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Warriors hope to regain flow after uncharacteristic performance

The Warriors' Game 1 loss puts this team—the home team and defending champion—in the rare position of underdog.  

OAKLAND — Bruce Fraser, the Warriors assistant coach, stood on the side of the team’s practice court here Tuesday, watching the reserves get in extra work and wondering about what comes next. The night before, the Thunder rode a second-half surge, and some uncharacteristic Warriors’ mental lapses, to a 108–102 win in Game 1 of the Western Conference finals.

Afterward, Draymond Green sat by his locker, feet jammed in ice, studying the box score, looking half-pissed and half-flummoxed. Shaun Livingston wondered whether the loss, “could be good for us,” in the manner of a man coming off a painful break-up who tries out the idea that maybe this is all for the better in the end. And Stephen Curry, who had as many turnovers as Russell Westbrook had steals (seven), arrived at his locker, picked up his long-sleeved shooting shirt and tossed it into a nearby ice bucket, where it slowly took on water, sinking as Curry turned away, towel over his head, lost in his own thoughts.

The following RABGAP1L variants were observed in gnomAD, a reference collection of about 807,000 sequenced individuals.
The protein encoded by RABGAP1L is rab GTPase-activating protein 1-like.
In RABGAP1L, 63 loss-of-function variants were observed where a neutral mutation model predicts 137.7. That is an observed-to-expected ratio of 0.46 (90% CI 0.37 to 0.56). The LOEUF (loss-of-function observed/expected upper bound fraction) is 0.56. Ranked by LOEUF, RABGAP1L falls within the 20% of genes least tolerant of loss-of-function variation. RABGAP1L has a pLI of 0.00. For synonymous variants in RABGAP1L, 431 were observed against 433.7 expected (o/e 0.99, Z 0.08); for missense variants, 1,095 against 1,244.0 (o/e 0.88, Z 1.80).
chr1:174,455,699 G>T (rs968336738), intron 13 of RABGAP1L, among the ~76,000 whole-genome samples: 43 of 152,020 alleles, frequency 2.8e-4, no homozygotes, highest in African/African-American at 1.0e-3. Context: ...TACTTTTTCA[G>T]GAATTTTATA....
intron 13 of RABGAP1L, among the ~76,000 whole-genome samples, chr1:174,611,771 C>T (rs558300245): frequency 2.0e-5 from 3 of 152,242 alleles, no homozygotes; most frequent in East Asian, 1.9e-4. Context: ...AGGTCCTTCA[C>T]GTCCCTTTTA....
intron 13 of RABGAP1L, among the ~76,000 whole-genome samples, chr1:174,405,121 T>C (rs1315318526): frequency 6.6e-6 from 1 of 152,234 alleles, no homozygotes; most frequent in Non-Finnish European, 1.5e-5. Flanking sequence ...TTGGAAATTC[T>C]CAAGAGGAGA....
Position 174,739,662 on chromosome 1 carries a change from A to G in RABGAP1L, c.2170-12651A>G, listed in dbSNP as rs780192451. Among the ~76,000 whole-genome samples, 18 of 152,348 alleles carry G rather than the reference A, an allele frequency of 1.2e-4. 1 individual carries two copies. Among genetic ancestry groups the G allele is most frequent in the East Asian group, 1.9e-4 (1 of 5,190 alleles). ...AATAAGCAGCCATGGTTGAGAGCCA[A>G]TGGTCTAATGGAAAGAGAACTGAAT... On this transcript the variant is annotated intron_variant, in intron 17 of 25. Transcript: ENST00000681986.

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And now here was Fraser, in the light of a new day, thinking big picture. “At this level, the mind is everything,” he said. He was discussing the work of Dr. Chris Johnson, a part-time team psychologist for the Warriors last year. Johnson commuted from San Diego during the season, where he ran the Navy's Operational Neuroscience Lab, working with Marines and Navy SEALs. While with the Warriors, Johnson introduced certain SEALs concepts he thought would translate. One phrase in particular resonated for Fraser: “Find work, crush space.” “If you go into room [as a SEAL] and you’re working as team, you want to be finding work,” Fraser explained. “You don’t want to be just standing there. And you want to be taking up space as you’re moving through.” He pauses. “It’s a little bit like the basketball world. If you’re standing, just watching things happen, then you’re not participating or helping. It’s not intentional, but you have to be active, the mind has to be active, communicating, moving, doing things. Finding work. If I’m standing here, what if I made a cut, or what if I screen, then I'm taking up space or moving space.”